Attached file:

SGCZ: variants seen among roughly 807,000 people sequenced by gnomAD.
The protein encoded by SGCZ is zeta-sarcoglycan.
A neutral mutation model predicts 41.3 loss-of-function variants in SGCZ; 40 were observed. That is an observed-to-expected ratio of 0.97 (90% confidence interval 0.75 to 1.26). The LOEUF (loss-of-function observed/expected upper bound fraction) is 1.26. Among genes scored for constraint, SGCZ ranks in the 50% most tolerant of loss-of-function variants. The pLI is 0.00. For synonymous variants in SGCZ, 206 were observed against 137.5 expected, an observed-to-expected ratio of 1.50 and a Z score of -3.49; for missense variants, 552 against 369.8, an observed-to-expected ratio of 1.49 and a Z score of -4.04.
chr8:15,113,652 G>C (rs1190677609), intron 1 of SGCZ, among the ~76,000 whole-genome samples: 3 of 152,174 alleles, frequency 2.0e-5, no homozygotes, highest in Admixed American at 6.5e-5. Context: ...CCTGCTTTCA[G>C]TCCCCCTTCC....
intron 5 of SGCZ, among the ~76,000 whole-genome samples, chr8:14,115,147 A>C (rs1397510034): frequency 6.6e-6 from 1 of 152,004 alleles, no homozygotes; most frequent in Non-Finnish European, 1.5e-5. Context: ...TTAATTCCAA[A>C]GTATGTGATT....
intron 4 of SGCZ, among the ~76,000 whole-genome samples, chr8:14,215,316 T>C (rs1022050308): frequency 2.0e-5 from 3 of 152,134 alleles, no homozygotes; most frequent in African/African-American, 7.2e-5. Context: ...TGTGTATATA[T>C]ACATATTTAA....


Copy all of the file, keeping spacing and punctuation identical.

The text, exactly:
SGCZ: variants seen among roughly 807,000 people sequenced by gnomAD.
The protein encoded by SGCZ is zeta-sarcoglycan.
A neutral mutation model predicts 41.3 loss-of-function variants in SGCZ; 40 were observed. That is an observed-to-expected ratio of 0.97 (90% confidence interval 0.75 to 1.26). The LOEUF (loss-of-function observed/expected upper bound fraction) is 1.26. Among genes scored for constraint, SGCZ ranks in the 50% most tolerant of loss-of-function variants. The pLI is 0.00. For synonymous variants in SGCZ, 206 were observed against 137.5 expected, an observed-to-expected ratio of 1.50 and a Z score of -3.49; for missense variants, 552 against 369.8, an observed-to-expected ratio of 1.49 and a Z score of -4.04.
chr8:15,113,652 G>C (rs1190677609), intron 1 of SGCZ, among the ~76,000 whole-genome samples: 3 of 152,174 alleles, frequency 2.0e-5, no homozygotes, highest in Admixed American at 6.5e-5. Context: ...CCTGCTTTCA[G>C]TCCCCCTTCC....
intron 5 of SGCZ, among the ~76,000 whole-genome samples, chr8:14,115,147 A>C (rs1397510034): frequency 6.6e-6 from 1 of 152,004 alleles, no homozygotes; most frequent in Non-Finnish European, 1.5e-5. Context: ...TTAATTCCAA[A>C]GTATGTGATT....
intron 4 of SGCZ, among the ~76,000 whole-genome samples, chr8:14,215,316 T>C (rs1022050308): frequency 2.0e-5 from 3 of 152,134 alleles, no homozygotes; most frequent in African/African-American, 7.2e-5. Context: ...TGTGTATATA[T>C]ACATATTTAA....